Opponents want him gone, but Tomlinson sits tight

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Reporters question Tomlinson as he leaves CPB's boardroom. (Photo: Current)

Reporters question Tomlinson as he leaves CPB's boardroom. (Photo: Current)

Reporters question Tomlinson as he leaves CPB’s boardroom. (Photo: Current)

Embattled CPB Chairman Kenneth Tomlinson opened last week’s CPB Board with remarks designed to rebut widespread assumptions that he’s a greater promoter of Republicanism than of public broadcasting.

“When people with partisan traditions come to institutions like CPB, they leave these traditions at the door,” he said. “The best way to encourage support for public broadcasting is to encourage this bipartisan tradition.”

By the end of last week, dozens of Democratic lawmakers and liberal activists had said they’d rather encourage bipartisanship by seeing Tomlinson resign.

Anti-Tomlinson sentiment ran rampant even before June 23, when the board hired his choice for CPB president, former Republican Party Co-chair Patricia Harrison. Two days earlier, 16 Democratic senators sent a letter to President Bush asking him to fire the chairman. “We urge you to immediately replace Mr. Tomlinson with an executive who takes his or her responsibility to the public television system seriously, not one who so seriously undermines the credibility and mission of public television,” the senators said. The White House confirmed that Tomlinson will not be dismissed, according to press reports.

Earlier that afternoon, Rep. Edward Markey (D-Mass.) called for Tomlinson’s dismissal at a Capitol Hill rally for public broadcasting.

The lawmakers’ requests came one day after progressive groups Common Cause and Free Press presented acting CPB President Ken Ferree with a petition accusing Tomlinson of “abusing his position to pursue a partisan agenda” and asking him to quit. The petition had more than 100,000 signatures.

Tomlinson, who had little comment for the reporters who swarmed him after the board meeting, did say that he had no plans to step down.

“I’m confident the inspector general’s report will conclude that all of my actions were taken in accordance with the relevant rules and regulations and traditions of CPB,” he said, referring to the ongoing CPB investigation requested by Reps. David Obey (D- Wis.) and John Dingell (D-Mich.).

There’s no date set for the report’s release, said Sandy Keith, counsel in the inspector general office. CPB Board member Beth Courtney said she expects it in late July.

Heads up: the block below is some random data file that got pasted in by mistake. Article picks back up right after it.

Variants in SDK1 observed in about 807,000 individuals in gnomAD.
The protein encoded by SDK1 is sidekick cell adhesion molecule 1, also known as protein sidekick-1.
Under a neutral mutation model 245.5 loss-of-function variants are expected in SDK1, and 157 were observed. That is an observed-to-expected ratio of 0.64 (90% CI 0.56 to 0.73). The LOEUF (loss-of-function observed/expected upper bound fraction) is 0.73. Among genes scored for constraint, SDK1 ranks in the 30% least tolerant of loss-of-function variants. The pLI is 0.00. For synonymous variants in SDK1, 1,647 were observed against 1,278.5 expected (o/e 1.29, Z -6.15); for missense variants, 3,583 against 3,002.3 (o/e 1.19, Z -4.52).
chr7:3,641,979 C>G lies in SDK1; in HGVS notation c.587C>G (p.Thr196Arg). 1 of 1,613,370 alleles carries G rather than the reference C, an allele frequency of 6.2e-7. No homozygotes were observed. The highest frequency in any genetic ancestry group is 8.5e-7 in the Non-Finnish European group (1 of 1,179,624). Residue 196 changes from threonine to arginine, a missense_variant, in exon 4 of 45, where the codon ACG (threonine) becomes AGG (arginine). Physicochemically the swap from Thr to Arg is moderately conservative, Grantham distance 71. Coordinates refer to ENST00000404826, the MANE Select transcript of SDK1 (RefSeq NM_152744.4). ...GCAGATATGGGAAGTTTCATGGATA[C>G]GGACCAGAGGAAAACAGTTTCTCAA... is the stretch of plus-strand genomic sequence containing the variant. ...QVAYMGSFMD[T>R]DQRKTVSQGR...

Press reports documenting the chairman’s secretive efforts to monitor pubcasting balance and influence legislation fueled the anti-Tomlinson sentiment.

The New York Times revealed the chairman contracted with several consultants with right-wing ties without the knowledge of the CPB Board.

Fred Mann was hired to monitor the political affiliations of guests on Now with Bill Moyers, the Times reported. Mann worked until last year at the National Journalism Center, a journalism training program operated by conservative groups.

Republican lobbyists Mark Buse and Brian Darling gave strategic advice on legislation Tomlinson opposed that would have increased stations’ representation on the CPB Board, according to the Times. Buse and Darling formerly worked for Sens. John McCain (R-Ariz.) and Mel Martinez (R-Fla.), respectively.

CPB reps and Tomlinson have said they won’t comment on specific charges until the IG’s report is released. At the board meeting, Tomlinson explained that he kept his actions under wraps to avoid controversy that would damage pubcasting.

“I sought to keep the discussion over balance within the public broadcasting family but as events have proven, this is such an explosive issue that we could not contain it within the family,” he said.

CPB has also declined to share results of the much-discussed Now study.

However, Sen. Byron Dorgan (D-N.D.), a member of the Senate Commerce Committee, which oversees CPB, said Tomlinson sent him raw data from the study after the senator requested information.

In a Senate speech, Dorgan said the study seemed more concerned with identifying “pro-Bush” or “anti-Bush” guests on the PBS program than giving their actual political affiliations. In the data, he said, Chuck Hagel (R-Neb.) was classified as a liberal because he disagreed with part of the president’s policy on Iraq.

“This is pretty unseemly, frankly, spending public money on a consultant who then sits down and looks at all of these programs to see if something is being said that might be critical about a president or Congress,” Dorgan said.

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